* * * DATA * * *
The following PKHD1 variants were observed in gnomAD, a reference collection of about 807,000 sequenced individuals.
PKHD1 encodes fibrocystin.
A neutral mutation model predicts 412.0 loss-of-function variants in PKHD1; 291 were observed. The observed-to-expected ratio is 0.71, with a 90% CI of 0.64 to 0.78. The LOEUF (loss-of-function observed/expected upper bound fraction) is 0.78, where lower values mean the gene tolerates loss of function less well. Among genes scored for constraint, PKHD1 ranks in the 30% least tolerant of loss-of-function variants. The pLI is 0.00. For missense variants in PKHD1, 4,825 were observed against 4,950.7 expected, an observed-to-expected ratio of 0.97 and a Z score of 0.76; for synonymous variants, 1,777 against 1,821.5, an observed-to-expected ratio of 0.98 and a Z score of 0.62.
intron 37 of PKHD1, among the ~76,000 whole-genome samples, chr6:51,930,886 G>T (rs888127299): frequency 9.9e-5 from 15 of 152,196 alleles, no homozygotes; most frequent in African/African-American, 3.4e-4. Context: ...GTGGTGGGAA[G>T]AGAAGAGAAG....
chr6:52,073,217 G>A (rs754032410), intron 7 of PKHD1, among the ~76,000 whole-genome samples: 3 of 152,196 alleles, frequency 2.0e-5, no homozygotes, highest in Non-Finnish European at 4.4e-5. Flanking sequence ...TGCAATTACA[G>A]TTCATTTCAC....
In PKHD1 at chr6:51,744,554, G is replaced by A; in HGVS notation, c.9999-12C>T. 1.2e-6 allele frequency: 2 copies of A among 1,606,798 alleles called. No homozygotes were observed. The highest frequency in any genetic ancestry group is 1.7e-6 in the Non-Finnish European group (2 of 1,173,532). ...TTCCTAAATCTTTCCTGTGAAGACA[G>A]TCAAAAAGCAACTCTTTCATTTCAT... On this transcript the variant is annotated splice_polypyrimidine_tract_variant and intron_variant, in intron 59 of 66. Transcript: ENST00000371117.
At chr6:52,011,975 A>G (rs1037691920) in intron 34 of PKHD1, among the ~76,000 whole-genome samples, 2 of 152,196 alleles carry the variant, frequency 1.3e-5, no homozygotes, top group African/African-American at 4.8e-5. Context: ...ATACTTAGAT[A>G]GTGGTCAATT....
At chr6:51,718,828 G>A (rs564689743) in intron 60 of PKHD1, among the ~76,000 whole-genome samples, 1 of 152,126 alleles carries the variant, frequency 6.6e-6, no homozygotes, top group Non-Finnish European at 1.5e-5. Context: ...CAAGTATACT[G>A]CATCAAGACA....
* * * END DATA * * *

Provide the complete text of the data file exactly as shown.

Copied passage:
The following PKHD1 variants were observed in gnomAD, a reference collection of about 807,000 sequenced individuals.
PKHD1 encodes fibrocystin.
A neutral mutation model predicts 412.0 loss-of-function variants in PKHD1; 291 were observed. The observed-to-expected ratio is 0.71, with a 90% CI of 0.64 to 0.78. The LOEUF (loss-of-function observed/expected upper bound fraction) is 0.78, where lower values mean the gene tolerates loss of function less well. Among genes scored for constraint, PKHD1 ranks in the 30% least tolerant of loss-of-function variants. The pLI is 0.00. For missense variants in PKHD1, 4,825 were observed against 4,950.7 expected, an observed-to-expected ratio of 0.97 and a Z score of 0.76; for synonymous variants, 1,777 against 1,821.5, an observed-to-expected ratio of 0.98 and a Z score of 0.62.
intron 37 of PKHD1, among the ~76,000 whole-genome samples, chr6:51,930,886 G>T (rs888127299): frequency 9.9e-5 from 15 of 152,196 alleles, no homozygotes; most frequent in African/African-American, 3.4e-4. Context: ...GTGGTGGGAA[G>T]AGAAGAGAAG....
chr6:52,073,217 G>A (rs754032410), intron 7 of PKHD1, among the ~76,000 whole-genome samples: 3 of 152,196 alleles, frequency 2.0e-5, no homozygotes, highest in Non-Finnish European at 4.4e-5. Flanking sequence ...TGCAATTACA[G>A]TTCATTTCAC....
In PKHD1 at chr6:51,744,554, G is replaced by A; in HGVS notation, c.9999-12C>T. 1.2e-6 allele frequency: 2 copies of A among 1,606,798 alleles called. No homozygotes were observed. The highest frequency in any genetic ancestry group is 1.7e-6 in the Non-Finnish European group (2 of 1,173,532). ...TTCCTAAATCTTTCCTGTGAAGACA[G>A]TCAAAAAGCAACTCTTTCATTTCAT... On this transcript the variant is annotated splice_polypyrimidine_tract_variant and intron_variant, in intron 59 of 66. Transcript: ENST00000371117.
At chr6:52,011,975 A>G (rs1037691920) in intron 34 of PKHD1, among the ~76,000 whole-genome samples, 2 of 152,196 alleles carry the variant, frequency 1.3e-5, no homozygotes, top group African/African-American at 4.8e-5. Context: ...ATACTTAGAT[A>G]GTGGTCAATT....
At chr6:51,718,828 G>A (rs564689743) in intron 60 of PKHD1, among the ~76,000 whole-genome samples, 1 of 152,126 alleles carries the variant, frequency 6.6e-6, no homozygotes, top group Non-Finnish European at 1.5e-5. Context: ...CAAGTATACT[G>A]CATCAAGACA....